What is particularly important is that if a person wishes to keep a file, on which he collates a number of names and items of personal information, that is his perfect right. I do not deny anybody the opportunity to collate that information. Indeed, based on that information, he may wish to make judgments — right or wrong, foolish or otherwise — as to whether he will employ somebody. There is a crucial point here. An individual, so named, fully qualified for a job sees an employer. He says, "I would like to do the job." They discuss it, they agree terms, but that person gets a letter a week later saying, "I know we agreed terms. I know that you and I got on well. I know that you are the only applicant for the job, but you're not going to get it." That person is entitled to say, "Hang on a minute. Why is that? What has happened?" If the answer is, "I am not prepared to tell you", or, "I got my information from a source that told me that you were not the kind of person that I want to employ", it seems that a right exists which is as important as the right to maintain the files. It is the right of the individual to be shown the information relating to him and on which that judgment was made. That individual may then have the facility to say, "Hang on. You are making lots of assumptions about me having had a career of political involvement, or having been responsible for all sorts of industrial disruption or disorder. That is not me. You have confused me with my cousin, with my brother or somebody who merely shares the same surname, or my file has simply been entered under somebody else's name and you have been misled in drawing your conclusions." In those circumstances, a reasonable employer would say, "In that case. I will rethink your application." One hopes that that would lead to the person not suffering a loss as a consequence and that he would be able to take up the employment.
Ultimately, let us assume that the employer says, "Frankly, I have looked at it. You may disagree with the conclusions that I have drawn about you, but they are factually correct. I believe that the fact that you do nothing but wear red ties and CND badges is clear evidence that you are a wholly unacceptable subversive. On that basis I refuse to employ you." The employer has a right to do that.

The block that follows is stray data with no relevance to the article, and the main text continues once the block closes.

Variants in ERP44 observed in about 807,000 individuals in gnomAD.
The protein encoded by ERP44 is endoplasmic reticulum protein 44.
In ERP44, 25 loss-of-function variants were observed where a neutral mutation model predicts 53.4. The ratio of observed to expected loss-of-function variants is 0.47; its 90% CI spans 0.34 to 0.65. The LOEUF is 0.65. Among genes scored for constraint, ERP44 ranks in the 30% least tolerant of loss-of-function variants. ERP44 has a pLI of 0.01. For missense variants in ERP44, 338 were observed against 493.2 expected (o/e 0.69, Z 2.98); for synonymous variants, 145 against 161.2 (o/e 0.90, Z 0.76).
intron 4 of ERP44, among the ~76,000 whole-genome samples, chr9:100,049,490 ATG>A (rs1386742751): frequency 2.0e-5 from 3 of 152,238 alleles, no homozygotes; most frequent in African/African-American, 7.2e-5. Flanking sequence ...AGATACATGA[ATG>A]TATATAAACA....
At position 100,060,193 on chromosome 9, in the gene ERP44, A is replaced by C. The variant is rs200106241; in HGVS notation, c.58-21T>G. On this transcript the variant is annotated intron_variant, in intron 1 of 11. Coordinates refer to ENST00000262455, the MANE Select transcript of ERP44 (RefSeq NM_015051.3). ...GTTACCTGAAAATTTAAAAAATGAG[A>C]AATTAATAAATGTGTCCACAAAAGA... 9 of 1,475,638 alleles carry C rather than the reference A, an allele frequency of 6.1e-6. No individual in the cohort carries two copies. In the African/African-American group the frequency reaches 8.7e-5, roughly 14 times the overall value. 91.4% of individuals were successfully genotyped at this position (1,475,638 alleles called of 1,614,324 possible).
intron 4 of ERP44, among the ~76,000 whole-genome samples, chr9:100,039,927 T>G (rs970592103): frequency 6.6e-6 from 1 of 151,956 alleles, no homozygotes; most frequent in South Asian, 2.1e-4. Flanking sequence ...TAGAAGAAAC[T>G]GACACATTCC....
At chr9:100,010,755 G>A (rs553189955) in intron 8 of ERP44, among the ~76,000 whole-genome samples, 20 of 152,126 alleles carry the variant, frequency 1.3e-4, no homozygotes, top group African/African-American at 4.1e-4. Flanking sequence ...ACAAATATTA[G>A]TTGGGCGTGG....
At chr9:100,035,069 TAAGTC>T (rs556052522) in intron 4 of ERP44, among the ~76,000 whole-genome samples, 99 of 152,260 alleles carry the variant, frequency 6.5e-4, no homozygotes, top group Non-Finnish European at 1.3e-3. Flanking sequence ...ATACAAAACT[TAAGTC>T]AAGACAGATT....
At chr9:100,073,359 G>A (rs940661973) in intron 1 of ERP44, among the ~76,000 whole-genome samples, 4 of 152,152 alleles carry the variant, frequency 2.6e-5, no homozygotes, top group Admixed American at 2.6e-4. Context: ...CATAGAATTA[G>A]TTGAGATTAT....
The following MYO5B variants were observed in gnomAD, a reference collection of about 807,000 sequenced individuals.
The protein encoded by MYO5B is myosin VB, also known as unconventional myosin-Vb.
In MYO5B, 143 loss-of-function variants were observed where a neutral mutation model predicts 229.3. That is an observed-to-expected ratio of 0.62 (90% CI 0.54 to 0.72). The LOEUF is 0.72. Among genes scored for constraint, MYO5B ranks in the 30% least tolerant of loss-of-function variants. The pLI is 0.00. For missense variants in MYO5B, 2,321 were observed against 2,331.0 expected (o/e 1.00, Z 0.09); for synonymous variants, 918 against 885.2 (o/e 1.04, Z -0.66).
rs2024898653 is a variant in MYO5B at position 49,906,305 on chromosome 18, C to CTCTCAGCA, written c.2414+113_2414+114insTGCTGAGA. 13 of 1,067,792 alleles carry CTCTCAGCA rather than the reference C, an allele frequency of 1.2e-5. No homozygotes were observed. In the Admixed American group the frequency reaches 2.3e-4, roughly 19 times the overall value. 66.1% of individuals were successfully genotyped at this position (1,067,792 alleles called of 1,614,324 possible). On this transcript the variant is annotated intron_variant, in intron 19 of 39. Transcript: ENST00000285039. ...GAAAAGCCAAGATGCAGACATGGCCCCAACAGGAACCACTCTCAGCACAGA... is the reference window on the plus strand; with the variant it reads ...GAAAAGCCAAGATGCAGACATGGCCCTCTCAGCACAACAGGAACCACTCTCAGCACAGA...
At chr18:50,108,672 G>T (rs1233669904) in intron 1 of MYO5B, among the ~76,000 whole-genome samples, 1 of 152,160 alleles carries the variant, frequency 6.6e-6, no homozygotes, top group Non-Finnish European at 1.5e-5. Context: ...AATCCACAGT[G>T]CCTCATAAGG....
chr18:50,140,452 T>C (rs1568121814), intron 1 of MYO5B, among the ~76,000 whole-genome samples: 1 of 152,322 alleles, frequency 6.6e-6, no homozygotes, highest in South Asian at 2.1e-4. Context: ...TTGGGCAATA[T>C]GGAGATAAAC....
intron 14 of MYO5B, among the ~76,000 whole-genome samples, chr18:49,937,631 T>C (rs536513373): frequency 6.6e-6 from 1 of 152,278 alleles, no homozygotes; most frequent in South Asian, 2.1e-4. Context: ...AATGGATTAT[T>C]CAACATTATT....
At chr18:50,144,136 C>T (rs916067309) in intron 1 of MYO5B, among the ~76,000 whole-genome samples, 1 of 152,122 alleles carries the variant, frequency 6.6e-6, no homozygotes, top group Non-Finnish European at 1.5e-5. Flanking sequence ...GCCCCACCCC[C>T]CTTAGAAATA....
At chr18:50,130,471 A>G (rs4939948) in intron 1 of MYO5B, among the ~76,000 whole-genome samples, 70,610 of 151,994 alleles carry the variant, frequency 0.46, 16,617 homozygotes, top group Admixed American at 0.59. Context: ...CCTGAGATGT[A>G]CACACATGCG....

If the employer does not want to employ the chap, it is his own hard luck. Certainly, if the applicant is the best qualified, the employer is a fool to himself. But if he wants to do that, let him do it. The rights that would be conveyed by granting access to personal files would mean that that potential employee could go to his local newspaper and say, "Look, this is the basis on which these people are making judgments about employment." That is a very powerful weapon in his hands, and one that would ensure a greater degree of equity between the potential employer and the potential employee. It would convey to both parties an elevated status, which they do not enjoy at present, but which they should enjoy.
I shall now deal with some of the practical implications of granting access to files. I want to deal with them, essentially, in two areas. First, with regard to professionalism and, secondly, with regard to error.
Probably the greatest benefit to be conveyed by this measure is that when professionals — social workers, housing officers, doctors, teachers and head teachers—know that the records which they are keeping about an individual are liable to be looked at by that individual, the quality of record keeping improves. It is ironic that although many organisations and individuals have independently introduced access, almost always, when a professional body has to be convinced of the value of access, those people who are among the makers of policy and ideas and who are sufficiently interested in the profession for its own sake and do not regard it simply as a job from nine until five, lead the profession forward into providing it.